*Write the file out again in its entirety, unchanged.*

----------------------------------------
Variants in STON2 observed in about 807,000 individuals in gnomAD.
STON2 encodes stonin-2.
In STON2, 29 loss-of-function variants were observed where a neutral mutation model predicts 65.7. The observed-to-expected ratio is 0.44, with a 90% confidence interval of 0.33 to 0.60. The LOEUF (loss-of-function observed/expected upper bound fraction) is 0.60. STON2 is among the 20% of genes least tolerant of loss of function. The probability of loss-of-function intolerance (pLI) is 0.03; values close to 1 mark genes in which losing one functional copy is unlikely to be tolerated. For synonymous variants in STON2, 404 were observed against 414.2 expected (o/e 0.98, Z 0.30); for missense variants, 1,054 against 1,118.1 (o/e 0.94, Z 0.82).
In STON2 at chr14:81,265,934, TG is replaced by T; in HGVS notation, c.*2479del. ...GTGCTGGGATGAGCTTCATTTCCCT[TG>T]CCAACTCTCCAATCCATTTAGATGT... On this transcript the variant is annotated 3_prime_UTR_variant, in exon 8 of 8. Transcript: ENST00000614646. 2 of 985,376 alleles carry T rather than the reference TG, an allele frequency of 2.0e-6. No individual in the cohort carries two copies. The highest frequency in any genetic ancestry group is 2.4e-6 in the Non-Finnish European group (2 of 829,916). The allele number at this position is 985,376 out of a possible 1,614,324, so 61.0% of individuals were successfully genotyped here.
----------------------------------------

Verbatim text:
Variants in STON2 observed in about 807,000 individuals in gnomAD.
STON2 encodes stonin-2.
In STON2, 29 loss-of-function variants were observed where a neutral mutation model predicts 65.7. The observed-to-expected ratio is 0.44, with a 90% confidence interval of 0.33 to 0.60. The LOEUF (loss-of-function observed/expected upper bound fraction) is 0.60. STON2 is among the 20% of genes least tolerant of loss of function. The probability of loss-of-function intolerance (pLI) is 0.03; values close to 1 mark genes in which losing one functional copy is unlikely to be tolerated. For synonymous variants in STON2, 404 were observed against 414.2 expected (o/e 0.98, Z 0.30); for missense variants, 1,054 against 1,118.1 (o/e 0.94, Z 0.82).
In STON2 at chr14:81,265,934, TG is replaced by T; in HGVS notation, c.*2479del. ...GTGCTGGGATGAGCTTCATTTCCCT[TG>T]CCAACTCTCCAATCCATTTAGATGT... On this transcript the variant is annotated 3_prime_UTR_variant, in exon 8 of 8. Transcript: ENST00000614646. 2 of 985,376 alleles carry T rather than the reference TG, an allele frequency of 2.0e-6. No individual in the cohort carries two copies. The highest frequency in any genetic ancestry group is 2.4e-6 in the Non-Finnish European group (2 of 829,916). The allele number at this position is 985,376 out of a possible 1,614,324, so 61.0% of individuals were successfully genotyped here.